57. Do gifts count as income?
Gifts from Persons with No Financial Responsibility
A friend, charity or relative (except for a parent of a minor child or a spouse) does not have financial responsibility for an EAEDC recipient and is a non-legally responsible person. The following gifts from nonlegally responsible persons do not count as income:
- gifts of less than $30 in a three-month period, 106 C.M.R. § 704.250(N);
- gifts (cash or non-cash) that are restricted for a specific purpose, such as to buy a car, or paid to a vendor, such as a landlord or utility company. If the full amount of the expense is paid, the EAEDC recipient may be subject to an in-kind income deduction. See Question 53. 106 C.M.R. § 704.250(AA).
Gifts from Persons with Financial Responsibility
A spouse, or the parent of a minor child, has financial responsibility for the spouse or the child and is considered a legally responsible person. Contributions these individuals make are countable income. However, the following gifts do not count as income against EAEDC benefits:
- gifts (other than child support) of less than $30 in a three-month period, 106 C.M.R. § 704.250(N);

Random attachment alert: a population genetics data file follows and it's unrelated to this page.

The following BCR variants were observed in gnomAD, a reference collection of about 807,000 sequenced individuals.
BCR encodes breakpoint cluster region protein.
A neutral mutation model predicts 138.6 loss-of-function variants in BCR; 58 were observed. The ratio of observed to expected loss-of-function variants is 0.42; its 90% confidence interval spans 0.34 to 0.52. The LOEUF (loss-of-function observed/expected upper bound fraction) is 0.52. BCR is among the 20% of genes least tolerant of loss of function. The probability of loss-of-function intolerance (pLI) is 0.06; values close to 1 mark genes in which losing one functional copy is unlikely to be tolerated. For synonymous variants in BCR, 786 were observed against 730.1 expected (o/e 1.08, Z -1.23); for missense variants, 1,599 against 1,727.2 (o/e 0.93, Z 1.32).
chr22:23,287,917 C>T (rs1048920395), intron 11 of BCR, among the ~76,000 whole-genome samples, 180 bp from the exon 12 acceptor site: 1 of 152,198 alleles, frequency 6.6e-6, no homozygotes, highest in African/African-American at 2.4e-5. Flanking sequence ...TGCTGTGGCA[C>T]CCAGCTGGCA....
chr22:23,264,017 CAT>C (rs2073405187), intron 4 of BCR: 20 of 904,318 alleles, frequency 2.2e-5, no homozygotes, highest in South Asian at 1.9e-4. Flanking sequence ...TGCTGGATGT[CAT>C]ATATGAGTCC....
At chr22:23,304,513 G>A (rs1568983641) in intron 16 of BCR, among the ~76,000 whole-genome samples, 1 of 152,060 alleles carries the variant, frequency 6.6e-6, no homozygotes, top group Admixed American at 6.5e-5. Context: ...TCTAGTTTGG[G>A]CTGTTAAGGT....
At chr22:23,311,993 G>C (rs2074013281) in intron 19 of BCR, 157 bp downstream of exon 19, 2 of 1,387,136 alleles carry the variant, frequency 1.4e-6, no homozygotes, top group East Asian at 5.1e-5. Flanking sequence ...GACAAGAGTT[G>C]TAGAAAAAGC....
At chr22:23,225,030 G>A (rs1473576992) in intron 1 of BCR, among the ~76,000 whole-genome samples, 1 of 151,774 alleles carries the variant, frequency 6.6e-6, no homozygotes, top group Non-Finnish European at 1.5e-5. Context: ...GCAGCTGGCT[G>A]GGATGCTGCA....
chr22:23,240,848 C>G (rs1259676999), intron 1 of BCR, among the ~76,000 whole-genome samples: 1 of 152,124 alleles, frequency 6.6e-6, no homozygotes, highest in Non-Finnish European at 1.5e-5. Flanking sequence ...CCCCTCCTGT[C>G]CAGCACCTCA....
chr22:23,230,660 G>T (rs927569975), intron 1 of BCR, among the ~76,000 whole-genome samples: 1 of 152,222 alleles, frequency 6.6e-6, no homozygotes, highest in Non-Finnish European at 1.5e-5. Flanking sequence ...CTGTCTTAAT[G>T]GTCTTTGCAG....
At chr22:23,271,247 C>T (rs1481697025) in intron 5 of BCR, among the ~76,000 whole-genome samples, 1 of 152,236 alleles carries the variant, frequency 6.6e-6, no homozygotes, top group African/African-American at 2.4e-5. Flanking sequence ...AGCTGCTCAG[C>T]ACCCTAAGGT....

- non-cash gifts to the recipient or money paid directly to a vendor on the recipient's behalf. If the payment covers the full amount of the expense, the EAEDC recipient may be subject to an in-kind income deduction. See Question 53. 106 C.M.R. § 704.210(C).
Example: Sue Rosen is on EAEDC. Her spouse gives $200 directly to Sue’s landlord. The gift is not countable as income since the money is paid to the landlord and not to Sue. If Sue receives the money directly from her husband, even if intended to pay the rent, it is countable income. If Sue's husband paid 100% of the rent, she would have an in-kind income deduction. See Question 53. If Sue’s husband actually lives with her, all of his income above a shared living threshold amount is countable toward her. See Question 62.
- Countable gifts (cash or non-cash) from non-legally responsible persons and countable non-cash gifts from legally responsible persons that cover the full expense of a need listed in the In-Kind Income Chart (for example rent) are counted at the in-kind value, not the actual value.
- One-time gifts that are countable are also treated as lump sum income. See Question 54. Recurring gifts (received more than once) that are countable are not treated as lump sum income, but are countable as income in the month the gift is received. Gifts that are noncountable should not be counted as lump sum income.
- To avoid risking a fraud referral by DTA, it is better to report changes that may affect eligibility such as receipt of gifts, even though DTA should not count these gifts if they meet the noncountable income rules.